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Mol Genet Metab. 2004 Jan;81(1):16-21.

The transcribed endosulfine alpha gene is located within a type 2 diabetes-linked region on 1q: sequence and expression analysis in Pima Indians.

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  • 1Clinical Diabetes and Nutrition Section, Phoenix Epidemiology and Research Branch, National Institute of Diabetes and Digestive and Kidney Diseases, National Institutes of Health, Phoenix AZ, USA.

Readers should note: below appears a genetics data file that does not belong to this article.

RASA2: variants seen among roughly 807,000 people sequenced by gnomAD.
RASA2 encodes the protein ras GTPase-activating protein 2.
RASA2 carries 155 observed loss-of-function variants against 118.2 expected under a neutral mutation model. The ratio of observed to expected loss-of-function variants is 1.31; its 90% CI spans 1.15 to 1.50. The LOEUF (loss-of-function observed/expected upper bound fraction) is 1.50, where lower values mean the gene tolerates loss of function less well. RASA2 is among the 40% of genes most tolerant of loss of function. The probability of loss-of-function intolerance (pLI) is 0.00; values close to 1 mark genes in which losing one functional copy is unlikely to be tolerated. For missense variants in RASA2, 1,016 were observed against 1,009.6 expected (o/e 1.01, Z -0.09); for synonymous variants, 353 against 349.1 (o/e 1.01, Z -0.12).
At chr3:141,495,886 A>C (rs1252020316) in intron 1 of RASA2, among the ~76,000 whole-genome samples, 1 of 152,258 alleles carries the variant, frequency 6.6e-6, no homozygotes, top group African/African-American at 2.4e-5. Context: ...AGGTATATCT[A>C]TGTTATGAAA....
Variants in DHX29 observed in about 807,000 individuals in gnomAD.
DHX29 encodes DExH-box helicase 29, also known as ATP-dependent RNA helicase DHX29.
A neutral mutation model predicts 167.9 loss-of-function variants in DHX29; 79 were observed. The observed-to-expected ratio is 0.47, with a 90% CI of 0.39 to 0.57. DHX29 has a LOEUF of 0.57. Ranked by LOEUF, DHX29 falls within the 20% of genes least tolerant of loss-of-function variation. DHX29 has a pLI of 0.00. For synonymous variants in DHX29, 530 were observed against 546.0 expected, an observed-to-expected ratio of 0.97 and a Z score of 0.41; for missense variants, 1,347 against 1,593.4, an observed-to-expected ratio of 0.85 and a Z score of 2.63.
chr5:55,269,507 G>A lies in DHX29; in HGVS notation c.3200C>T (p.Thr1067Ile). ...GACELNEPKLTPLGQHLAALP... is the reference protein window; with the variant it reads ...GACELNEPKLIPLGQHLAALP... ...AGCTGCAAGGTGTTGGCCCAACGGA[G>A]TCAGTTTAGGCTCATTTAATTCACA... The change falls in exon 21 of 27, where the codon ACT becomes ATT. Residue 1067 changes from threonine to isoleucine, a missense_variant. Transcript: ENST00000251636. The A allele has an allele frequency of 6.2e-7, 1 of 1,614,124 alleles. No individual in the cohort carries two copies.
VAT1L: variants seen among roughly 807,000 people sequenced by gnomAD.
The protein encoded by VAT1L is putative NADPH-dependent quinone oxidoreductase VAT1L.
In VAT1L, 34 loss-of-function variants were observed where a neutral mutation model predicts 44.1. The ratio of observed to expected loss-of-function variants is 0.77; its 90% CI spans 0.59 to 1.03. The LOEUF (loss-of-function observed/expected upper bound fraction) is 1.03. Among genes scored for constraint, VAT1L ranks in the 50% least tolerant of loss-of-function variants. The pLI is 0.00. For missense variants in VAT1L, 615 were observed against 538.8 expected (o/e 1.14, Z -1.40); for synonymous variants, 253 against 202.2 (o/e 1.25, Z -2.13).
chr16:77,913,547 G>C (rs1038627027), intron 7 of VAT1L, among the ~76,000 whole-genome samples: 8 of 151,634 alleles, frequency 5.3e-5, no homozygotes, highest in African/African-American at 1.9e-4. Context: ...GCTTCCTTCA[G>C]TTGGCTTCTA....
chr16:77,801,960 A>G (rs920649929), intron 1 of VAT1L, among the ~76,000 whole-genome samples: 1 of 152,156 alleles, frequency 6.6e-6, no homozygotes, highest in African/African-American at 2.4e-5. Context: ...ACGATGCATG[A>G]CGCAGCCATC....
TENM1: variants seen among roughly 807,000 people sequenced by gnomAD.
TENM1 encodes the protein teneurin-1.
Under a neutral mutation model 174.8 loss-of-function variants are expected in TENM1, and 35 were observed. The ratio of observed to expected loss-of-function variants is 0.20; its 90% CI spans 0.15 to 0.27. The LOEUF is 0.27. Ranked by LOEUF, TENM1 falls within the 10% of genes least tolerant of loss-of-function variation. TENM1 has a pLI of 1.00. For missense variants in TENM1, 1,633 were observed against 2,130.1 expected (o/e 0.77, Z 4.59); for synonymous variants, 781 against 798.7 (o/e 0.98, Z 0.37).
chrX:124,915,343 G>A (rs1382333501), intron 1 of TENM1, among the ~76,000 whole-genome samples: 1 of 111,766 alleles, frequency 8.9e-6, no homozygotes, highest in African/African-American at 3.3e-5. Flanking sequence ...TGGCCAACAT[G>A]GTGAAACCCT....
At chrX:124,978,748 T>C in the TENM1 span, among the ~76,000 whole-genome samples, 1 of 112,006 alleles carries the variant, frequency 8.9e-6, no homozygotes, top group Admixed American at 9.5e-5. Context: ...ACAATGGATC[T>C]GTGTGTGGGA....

Endosulfine alpha (ENSA) is an endogenous ligand of the sulfonylurea receptor 1 (SUR1) that can stimulate insulin secretion by pancreatic beta cells. Originally, an intronless gene coding for this protein was assigned to Chr. 14q, but more recent information available in public databases indicated the position of ENSA on 1q21. We show here that the 1q21 locus represents the expressed gene consisting of 6 exons, whereas the locus on Chr. 14q is apparently a pseudogene. The ENSA gene on 1q21 produces several alternatively spliced transcripts, and is located within a region linked with T2DM in diverse populations including the Pima Indians. We analyzed ENSA in this Native American population and identified seven variants, which fall into three linkage disequilibrium groups. Analysis of representative markers in over 1200 Pima Indians did not reveal any significant association with T2DM, or with differences in insulin action and insulin secretion in a subset of approximately 270 non-diabetic subjects. In addition, we did not detect any significant correlation of skeletal muscle ENSA transcript levels with differences in insulin action in 49 non-diabetic subjects. We conclude that sequence alterations in ENSA are an unlikely cause for the linkage of T2DM with 1q21-q23 in the Pima Indians.

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